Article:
An extremely large, dark brown mushroom that is simply the fully mature form of the crimino, which in turn is a variation of the common cultivated white mushroom. The name "portobello" began to be used in the 1980s as a brilliant marketing ploy to popularize an unglamorous mushroom that, more often than not, had to be disposed of because growers couldn't sell them. The portobello mushroom, which can easily measure 6 inches in diameter, has an open, flat cap. Because it's the elder of the species, the portobello's gills are fully exposed, which means that some of the mushroom's moisture has evaporated. The reduced moisture concentrates and enriches the flavor and creates a dense, meaty texture. Portobellos can be found in gourmet produce markets as well as many supermarkets. Their stems are very woody and should be removed (but saved for soups, stocks, etc.) The caps can be used chopped, as with most mushrooms, but the portobello is much more dramatic used whole. It's particularly popular grilled and used in a sandwich, or cut into thick slices for a salad or entree. See also mushroom.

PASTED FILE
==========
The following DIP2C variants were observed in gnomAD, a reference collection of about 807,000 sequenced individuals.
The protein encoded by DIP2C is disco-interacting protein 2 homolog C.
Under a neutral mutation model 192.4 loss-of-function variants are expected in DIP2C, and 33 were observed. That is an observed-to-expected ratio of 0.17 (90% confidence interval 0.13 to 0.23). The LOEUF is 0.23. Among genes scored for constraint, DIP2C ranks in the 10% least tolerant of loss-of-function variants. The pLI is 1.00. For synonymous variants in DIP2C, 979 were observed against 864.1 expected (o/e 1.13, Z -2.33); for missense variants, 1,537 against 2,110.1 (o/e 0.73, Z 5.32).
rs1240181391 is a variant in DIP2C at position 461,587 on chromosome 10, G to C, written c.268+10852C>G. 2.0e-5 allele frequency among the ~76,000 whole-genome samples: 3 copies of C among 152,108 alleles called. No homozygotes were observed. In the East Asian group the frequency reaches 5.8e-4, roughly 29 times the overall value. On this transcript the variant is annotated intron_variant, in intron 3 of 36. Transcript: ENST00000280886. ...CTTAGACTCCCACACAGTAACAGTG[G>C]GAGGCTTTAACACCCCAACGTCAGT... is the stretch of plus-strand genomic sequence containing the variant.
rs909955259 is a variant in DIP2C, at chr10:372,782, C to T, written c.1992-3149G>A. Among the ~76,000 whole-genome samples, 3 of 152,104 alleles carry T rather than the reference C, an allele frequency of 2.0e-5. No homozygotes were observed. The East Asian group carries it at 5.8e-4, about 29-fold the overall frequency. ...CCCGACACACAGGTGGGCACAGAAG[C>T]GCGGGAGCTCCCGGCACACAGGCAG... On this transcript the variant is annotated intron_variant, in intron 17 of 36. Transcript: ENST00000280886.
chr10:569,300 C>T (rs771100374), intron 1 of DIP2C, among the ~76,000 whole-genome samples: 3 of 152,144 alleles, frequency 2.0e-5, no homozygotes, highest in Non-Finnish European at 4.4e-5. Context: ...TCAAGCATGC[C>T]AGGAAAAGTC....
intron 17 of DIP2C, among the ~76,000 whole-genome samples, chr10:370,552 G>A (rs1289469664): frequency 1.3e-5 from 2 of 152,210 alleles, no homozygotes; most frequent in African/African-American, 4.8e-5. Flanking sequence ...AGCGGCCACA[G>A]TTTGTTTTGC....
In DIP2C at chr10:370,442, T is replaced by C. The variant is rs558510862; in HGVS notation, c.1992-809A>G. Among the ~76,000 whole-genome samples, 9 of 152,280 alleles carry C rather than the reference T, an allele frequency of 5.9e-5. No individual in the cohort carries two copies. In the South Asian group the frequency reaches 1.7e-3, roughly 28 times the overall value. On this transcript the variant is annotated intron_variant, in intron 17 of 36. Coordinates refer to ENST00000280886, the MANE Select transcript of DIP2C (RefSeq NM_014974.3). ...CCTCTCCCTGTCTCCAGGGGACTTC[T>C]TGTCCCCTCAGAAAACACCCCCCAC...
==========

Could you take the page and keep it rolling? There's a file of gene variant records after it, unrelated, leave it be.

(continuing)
From The Food Lover's Companion, Fourth edition by Sharon Tyler Herbst and Ron Herbst. Copyright © 2007, 2001, 1995, 1990 by Barron's Educational Series, Inc.